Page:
The learned Judge was right when he proceeded on the assumption that the property continued to be with the joint family. It is on this basis, he rightly came to the conclusion that the plaintiff had approximately 1/3rd share in the property. But he was wholly in the error when he held that since there are no other pleadings on behalf of other co-owners, he could ignore their share. In a partition suit, every co-owner, whether a plaintiff or defendant, is as good as a plaintiff and no Court could say that only the share of the plaintiff would be carved out, and the rest of the owners should fight separate battle.
IN THE HIGH COURT OF BOMBAY
Appeal From Order No. 206 of 1988 in Special Civil Suit No. 230 of 1987
Decided On: 28.09.1988
Vijaysingh Rajasingh Varma
Vishinkumari Udaysingh Varma (Smt.) and Ors.
Vishinkumari Udaysingh Varma (Smt.) and Ors.
Hosbet Suresh, J.
Hosbet Suresh, J.
Citation: 1989 (2) Bom CR 139
1. One Rajasingh was the owner of several proporties in Bombay and Thane, out of which one property comprising of about 121 acres of land is si properties tuated at Majewadi, Thane. That is the subject matter of this appeal. Rajasingh died on December 12, 1971. He had two wives; one Laxmi who died in 1945 and the other Parvati. From his first wife he had a son and two daughters viz. Udaysingh (son) and Sushila and Ramavati (daughters). From his second wife also he had a son and two daughters viz. Vijaysingh (son) and Anita and Pramila (daughters). Udaysingh died on April 12, 1985 leaving behind his widow and 4 children. This suit has been filed by Vijaysingh as against the widow and the children of Udaysingh. Defendant No. 1 is the widow of Udaysingh and Defendant Nos. 2 to 5 are the children of Udaysingh. Defendant No. 8 is the mother of the plaintiff Defendant Nos. 9 and 10 are the sisters of the plaintiff while defendant Nos. 11 and 12 are the steps-sisters of the plaintiff i.e. direct sisters of Udaysingh. Defendant No. 6 is a partnership concern. Defendant No. 7 is said to be the person who has entered into an agreement with defendant No. 6 for the purpose of purchase and development of the suit property. Defendant No. 13 are the builders who have in turn entered into an agreement with defendant Nos. 6 and 7 for the purpose of development of a portion of the suit property.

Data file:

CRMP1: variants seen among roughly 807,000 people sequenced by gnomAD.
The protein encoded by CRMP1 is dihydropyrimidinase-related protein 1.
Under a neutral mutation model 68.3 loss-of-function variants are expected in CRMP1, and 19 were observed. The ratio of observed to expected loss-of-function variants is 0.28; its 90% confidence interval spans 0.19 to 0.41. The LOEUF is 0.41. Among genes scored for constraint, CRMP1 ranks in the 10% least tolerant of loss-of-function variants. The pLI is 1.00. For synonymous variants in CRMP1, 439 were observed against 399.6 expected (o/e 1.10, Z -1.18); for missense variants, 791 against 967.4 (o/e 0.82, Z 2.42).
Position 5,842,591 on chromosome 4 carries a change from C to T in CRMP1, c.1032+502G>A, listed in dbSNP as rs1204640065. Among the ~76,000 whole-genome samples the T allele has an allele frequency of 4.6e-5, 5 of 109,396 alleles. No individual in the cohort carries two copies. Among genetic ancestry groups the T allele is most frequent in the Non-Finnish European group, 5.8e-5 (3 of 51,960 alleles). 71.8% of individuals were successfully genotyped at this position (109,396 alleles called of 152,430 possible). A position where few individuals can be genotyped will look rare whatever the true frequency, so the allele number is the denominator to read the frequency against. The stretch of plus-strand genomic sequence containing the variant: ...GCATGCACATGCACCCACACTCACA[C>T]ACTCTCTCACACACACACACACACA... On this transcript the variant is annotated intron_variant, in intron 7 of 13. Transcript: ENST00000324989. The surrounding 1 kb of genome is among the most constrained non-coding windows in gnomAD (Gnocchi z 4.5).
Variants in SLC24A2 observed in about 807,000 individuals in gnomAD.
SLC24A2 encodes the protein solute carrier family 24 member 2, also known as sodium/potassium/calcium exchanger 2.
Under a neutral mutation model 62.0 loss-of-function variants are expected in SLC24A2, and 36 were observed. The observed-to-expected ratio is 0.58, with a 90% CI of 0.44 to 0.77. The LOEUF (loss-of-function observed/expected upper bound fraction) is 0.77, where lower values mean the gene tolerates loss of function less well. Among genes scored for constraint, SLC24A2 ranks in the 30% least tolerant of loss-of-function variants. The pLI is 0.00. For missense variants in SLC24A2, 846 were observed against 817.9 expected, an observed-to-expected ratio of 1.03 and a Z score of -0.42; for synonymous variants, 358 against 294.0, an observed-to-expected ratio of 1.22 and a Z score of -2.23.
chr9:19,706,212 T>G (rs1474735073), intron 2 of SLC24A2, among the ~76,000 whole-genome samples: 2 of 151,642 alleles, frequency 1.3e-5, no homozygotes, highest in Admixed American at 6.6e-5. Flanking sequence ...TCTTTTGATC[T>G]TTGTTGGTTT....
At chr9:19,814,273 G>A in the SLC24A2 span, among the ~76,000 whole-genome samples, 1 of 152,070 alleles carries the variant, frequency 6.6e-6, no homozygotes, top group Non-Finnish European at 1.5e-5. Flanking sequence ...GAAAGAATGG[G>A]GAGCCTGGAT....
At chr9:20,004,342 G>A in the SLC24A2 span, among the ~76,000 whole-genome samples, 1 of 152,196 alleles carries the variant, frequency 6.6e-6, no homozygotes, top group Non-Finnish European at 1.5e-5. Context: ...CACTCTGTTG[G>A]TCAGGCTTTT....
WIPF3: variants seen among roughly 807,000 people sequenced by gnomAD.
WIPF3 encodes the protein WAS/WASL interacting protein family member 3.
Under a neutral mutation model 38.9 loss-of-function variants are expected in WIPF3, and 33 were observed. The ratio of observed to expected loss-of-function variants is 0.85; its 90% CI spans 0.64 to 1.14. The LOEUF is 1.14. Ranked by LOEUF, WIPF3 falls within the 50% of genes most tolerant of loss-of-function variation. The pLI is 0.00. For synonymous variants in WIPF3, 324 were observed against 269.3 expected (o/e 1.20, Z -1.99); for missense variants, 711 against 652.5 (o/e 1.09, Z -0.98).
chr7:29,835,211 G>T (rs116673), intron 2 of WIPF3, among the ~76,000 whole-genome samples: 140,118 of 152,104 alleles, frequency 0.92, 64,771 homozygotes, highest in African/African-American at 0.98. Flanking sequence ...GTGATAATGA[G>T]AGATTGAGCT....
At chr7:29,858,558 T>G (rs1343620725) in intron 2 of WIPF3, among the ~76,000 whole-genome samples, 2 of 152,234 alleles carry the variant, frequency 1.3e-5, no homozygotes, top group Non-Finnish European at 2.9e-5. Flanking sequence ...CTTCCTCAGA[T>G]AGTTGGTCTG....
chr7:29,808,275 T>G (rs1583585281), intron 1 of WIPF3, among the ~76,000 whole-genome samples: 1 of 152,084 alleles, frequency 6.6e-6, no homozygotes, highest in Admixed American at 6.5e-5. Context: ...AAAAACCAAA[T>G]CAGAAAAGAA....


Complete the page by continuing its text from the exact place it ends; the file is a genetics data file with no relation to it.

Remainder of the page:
2. The plaintiff instituted the suit in the Court of Civil Judge Senior Division, Thane, being Special Civil Suit No 230 of a declaration that the suit property is the self-acquired property belongs to the plaintiff and his mother exclusively. In the alternative he has prayed for a declaration that the plaintiff has 8/28 share in the suit property and consequently he has asked for partition and possession. In the further alternative he has asked for cancellation of certain documents whereby some time in September 1966 the property has been agreed to be sold to defended No. 6. There is also prayer in the further alternative that if the Court holds that there is a partnership, in that event the plaintiff and his mother would also have a share in the suit property. There are various other prayers for cancellations of certain documents some of which I shall presently deal with, to the extent it is necessary for the purpose of disposing of this appeal.
3. This suit was filled some time in the month of May 1987. Soon thereafter on May 29, 1987 the plaintiff made an application for grant of temporary injunction restraining defendant Nos. 1 to 7 and 13 from developing the suit properly and /or from in any manner acting in pursuance of certain agreements which defendant No. 6 etc. The prayer also included a prayer for injunction restraining the defendants from dealing with disposing of , alienating parting with possession of or creating any third party interest in respect of the suit property.